Women's Sport: Why did Martina Navratilova stage a protest at the Australian Open

Wimbledon Court No. 1 Celebration in support of the Wimbledon Foundation

Martina Navratilova, the 18-time Grand Slam winner, staged a protest at this year's Australian Open, alongside John McEnroe.

Following an exhibition doubles match at the tournament, Navratilova spoke to the crowd using the umpire's chair. “I’ve been speaking out about an issue for a while now,” she told the crowd, “and John McEnroe is here to help.” 

The next thing the crowd knew, McEnroe and Navratilova were holding up a banner that read: “Evonne Goolagong Arena". 

The action was a call for the renaming of Melbourne Park's second-biggest stadium. It is currently called the Margaret Court Arena after Australia's 24-time Grand Slam winner and just the day before the tournament had honoured Court for the Grand slam she won 50 years before. 

The reason for this protest is that the Court has become a controversial figure after making a series of homophobic comments and speaking out against equal marriage.

Following the protest, Tennis Australia criticised the McEnroe and Navratilova for breaking protocol: “We embrace diversity, inclusion and the right for people to have a view, as well as their right to voice that view.

“But the Australian Open has regulations and protocols with respect to how any fan, player or guest can use our facility, the event and the global stage it provides. This is to ensure the integrity of our event.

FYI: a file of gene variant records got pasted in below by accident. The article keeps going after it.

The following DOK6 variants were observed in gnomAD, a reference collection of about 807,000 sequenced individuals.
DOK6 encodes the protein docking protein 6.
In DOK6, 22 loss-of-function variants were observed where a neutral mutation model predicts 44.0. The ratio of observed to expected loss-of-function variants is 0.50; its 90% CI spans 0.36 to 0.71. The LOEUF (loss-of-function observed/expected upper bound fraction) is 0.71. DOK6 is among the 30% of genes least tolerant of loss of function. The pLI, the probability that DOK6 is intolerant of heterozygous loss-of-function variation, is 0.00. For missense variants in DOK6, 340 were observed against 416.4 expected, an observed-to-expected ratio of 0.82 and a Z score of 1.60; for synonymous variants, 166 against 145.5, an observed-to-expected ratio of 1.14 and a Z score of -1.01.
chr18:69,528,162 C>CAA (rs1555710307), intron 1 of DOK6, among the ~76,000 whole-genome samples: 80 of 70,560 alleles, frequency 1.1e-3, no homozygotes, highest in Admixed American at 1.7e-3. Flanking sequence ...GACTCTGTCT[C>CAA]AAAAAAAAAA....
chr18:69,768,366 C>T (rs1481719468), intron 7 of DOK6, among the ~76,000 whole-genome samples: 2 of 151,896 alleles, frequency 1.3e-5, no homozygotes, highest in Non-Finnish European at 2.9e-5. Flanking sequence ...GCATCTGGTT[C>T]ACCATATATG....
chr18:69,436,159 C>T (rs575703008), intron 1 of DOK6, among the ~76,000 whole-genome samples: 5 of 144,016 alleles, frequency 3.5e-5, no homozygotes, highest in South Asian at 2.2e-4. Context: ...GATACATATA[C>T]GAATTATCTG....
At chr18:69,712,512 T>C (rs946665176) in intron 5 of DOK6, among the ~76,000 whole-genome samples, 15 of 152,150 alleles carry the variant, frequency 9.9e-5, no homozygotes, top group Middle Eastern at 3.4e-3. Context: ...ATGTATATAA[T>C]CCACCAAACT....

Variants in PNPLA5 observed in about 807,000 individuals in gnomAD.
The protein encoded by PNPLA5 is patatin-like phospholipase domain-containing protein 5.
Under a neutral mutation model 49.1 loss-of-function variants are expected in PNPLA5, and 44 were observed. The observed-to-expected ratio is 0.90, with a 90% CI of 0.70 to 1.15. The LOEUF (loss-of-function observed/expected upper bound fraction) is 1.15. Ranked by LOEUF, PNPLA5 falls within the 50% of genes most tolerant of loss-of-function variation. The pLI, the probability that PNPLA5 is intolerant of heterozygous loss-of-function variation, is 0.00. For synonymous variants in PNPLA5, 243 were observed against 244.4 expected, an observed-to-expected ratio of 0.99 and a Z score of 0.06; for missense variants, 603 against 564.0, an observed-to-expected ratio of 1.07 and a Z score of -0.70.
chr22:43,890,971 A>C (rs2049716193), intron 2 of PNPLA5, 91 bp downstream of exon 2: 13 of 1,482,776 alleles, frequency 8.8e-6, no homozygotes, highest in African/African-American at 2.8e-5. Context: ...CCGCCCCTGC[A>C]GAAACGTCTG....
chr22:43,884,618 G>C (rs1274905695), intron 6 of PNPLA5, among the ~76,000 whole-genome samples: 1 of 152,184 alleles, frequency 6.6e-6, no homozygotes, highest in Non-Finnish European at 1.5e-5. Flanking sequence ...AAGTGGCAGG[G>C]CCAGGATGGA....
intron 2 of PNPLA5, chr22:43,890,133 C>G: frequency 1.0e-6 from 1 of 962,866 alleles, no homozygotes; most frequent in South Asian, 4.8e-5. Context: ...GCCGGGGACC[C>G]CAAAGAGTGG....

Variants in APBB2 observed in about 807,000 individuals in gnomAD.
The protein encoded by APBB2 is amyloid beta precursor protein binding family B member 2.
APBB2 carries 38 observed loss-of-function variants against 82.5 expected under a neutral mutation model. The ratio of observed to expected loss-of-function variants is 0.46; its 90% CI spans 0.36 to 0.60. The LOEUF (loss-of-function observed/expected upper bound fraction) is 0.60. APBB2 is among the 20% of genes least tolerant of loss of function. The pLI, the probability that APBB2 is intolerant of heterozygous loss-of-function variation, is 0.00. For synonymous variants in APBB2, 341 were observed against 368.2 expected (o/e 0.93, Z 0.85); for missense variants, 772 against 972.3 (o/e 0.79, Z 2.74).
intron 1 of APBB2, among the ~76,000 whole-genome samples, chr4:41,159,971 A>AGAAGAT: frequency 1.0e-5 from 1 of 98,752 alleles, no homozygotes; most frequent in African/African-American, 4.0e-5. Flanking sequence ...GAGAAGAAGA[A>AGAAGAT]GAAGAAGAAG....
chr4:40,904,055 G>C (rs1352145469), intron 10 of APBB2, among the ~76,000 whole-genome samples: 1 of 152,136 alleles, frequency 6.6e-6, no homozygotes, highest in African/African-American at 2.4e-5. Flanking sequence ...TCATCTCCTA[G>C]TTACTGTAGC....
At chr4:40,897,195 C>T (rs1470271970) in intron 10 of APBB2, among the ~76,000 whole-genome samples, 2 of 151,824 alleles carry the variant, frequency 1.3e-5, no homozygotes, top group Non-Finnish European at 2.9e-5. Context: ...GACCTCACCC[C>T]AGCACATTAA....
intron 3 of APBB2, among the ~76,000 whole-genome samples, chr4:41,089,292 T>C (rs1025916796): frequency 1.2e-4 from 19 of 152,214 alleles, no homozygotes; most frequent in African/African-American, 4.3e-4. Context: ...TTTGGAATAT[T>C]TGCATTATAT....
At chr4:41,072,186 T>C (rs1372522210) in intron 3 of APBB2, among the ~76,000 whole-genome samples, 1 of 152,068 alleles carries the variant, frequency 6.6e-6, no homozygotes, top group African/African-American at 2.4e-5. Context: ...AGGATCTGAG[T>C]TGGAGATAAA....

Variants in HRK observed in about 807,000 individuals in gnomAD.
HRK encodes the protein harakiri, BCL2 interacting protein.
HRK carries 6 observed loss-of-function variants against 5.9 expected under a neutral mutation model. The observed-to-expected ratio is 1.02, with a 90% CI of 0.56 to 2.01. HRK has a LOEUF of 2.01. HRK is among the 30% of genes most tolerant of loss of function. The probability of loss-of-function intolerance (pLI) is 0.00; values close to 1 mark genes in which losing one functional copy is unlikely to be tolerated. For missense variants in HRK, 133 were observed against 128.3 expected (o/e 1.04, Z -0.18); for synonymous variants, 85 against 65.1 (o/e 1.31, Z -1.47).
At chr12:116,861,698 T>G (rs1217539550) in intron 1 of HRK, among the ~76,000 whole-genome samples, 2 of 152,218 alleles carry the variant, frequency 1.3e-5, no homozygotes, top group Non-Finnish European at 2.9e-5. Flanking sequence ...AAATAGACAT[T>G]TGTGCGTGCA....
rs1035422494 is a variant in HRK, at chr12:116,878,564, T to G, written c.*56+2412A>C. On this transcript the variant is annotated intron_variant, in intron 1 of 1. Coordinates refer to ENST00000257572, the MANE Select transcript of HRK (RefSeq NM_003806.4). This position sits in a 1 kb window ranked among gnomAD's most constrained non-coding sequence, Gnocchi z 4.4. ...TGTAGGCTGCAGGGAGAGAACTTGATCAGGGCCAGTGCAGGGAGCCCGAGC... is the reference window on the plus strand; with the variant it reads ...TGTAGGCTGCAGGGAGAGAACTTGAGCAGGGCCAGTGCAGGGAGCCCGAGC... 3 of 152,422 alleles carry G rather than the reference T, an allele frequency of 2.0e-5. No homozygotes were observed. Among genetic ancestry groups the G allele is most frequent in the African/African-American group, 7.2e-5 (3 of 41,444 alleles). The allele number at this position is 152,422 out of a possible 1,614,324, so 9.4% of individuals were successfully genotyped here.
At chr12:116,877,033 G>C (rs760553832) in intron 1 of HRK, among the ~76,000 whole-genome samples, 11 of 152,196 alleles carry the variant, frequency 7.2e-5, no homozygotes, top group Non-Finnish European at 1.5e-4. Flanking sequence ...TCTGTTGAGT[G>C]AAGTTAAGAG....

“Two high-profile guests have breached these protocols and we are working through this with them.”

The two players apologised for this. Navratilova said to The Tennis Channel: “I got in trouble. I am sorry I broke protocol. But I would still have tried and made my statement, which is basically you name buildings after not what people just did on the court but also off the court, the whole body of work.” 

2019 Australian Open - Day 9

McEnroe said: “Admittedly I was never one to study the rule book carefully or for that matter, even at times abide by the rules.

“For that, I apologise to Tennis Australia and recognise and appreciate the great job they have done to make the Australian Open a great event for the fans, players and myself.”

This year's Grand Slam winner Djokovic also spoke out on the controversy. He said: “Margaret is a huge champion, a tennis hero in Australia, and also around the world. One of the most important tennis players in the history of women’s game. Of course, when she says something like that, it has a huge impact.”

“I don’t support … what she said. I don’t think it was the right thing to say. But she probably has her reasons and we have to respect that she has a difference in opinion. That’s all there is to it.”

Navratilova and McEnroe aren't the first to call for the renaming of the Margaret Court Arena - Billie Jean King did so in 2018. While Court's name remains attached to the Arena, the debate won't simply vanish - sport is an increasingly political sphere and it is unlikely this protest will be the last.

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